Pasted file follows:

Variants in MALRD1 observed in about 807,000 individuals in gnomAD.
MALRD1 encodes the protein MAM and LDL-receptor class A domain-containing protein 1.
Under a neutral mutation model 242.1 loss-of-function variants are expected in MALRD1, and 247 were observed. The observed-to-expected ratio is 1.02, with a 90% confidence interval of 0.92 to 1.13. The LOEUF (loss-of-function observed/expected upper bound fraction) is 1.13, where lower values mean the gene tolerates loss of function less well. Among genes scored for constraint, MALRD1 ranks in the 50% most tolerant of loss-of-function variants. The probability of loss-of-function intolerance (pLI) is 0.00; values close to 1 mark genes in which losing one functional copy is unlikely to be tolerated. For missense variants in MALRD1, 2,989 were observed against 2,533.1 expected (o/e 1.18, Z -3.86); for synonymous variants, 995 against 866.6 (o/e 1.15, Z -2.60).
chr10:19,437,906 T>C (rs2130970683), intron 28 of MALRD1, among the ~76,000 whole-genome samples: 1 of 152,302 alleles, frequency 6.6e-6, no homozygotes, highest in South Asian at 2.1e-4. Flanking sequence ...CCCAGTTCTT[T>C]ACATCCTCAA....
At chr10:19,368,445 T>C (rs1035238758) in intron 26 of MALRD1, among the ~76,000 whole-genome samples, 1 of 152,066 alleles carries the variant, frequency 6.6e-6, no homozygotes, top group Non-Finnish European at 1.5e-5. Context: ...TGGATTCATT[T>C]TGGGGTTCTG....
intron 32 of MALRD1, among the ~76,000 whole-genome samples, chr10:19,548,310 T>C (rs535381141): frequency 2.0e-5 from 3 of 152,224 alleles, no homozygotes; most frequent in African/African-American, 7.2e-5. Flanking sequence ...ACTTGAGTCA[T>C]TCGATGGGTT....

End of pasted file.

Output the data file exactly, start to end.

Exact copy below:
Variants in MALRD1 observed in about 807,000 individuals in gnomAD.
MALRD1 encodes the protein MAM and LDL-receptor class A domain-containing protein 1.
Under a neutral mutation model 242.1 loss-of-function variants are expected in MALRD1, and 247 were observed. The observed-to-expected ratio is 1.02, with a 90% confidence interval of 0.92 to 1.13. The LOEUF (loss-of-function observed/expected upper bound fraction) is 1.13, where lower values mean the gene tolerates loss of function less well. Among genes scored for constraint, MALRD1 ranks in the 50% most tolerant of loss-of-function variants. The probability of loss-of-function intolerance (pLI) is 0.00; values close to 1 mark genes in which losing one functional copy is unlikely to be tolerated. For missense variants in MALRD1, 2,989 were observed against 2,533.1 expected (o/e 1.18, Z -3.86); for synonymous variants, 995 against 866.6 (o/e 1.15, Z -2.60).
chr10:19,437,906 T>C (rs2130970683), intron 28 of MALRD1, among the ~76,000 whole-genome samples: 1 of 152,302 alleles, frequency 6.6e-6, no homozygotes, highest in South Asian at 2.1e-4. Flanking sequence ...CCCAGTTCTT[T>C]ACATCCTCAA....
At chr10:19,368,445 T>C (rs1035238758) in intron 26 of MALRD1, among the ~76,000 whole-genome samples, 1 of 152,066 alleles carries the variant, frequency 6.6e-6, no homozygotes, top group Non-Finnish European at 1.5e-5. Context: ...TGGATTCATT[T>C]TGGGGTTCTG....
intron 32 of MALRD1, among the ~76,000 whole-genome samples, chr10:19,548,310 T>C (rs535381141): frequency 2.0e-5 from 3 of 152,224 alleles, no homozygotes; most frequent in African/African-American, 7.2e-5. Flanking sequence ...ACTTGAGTCA[T>C]TCGATGGGTT....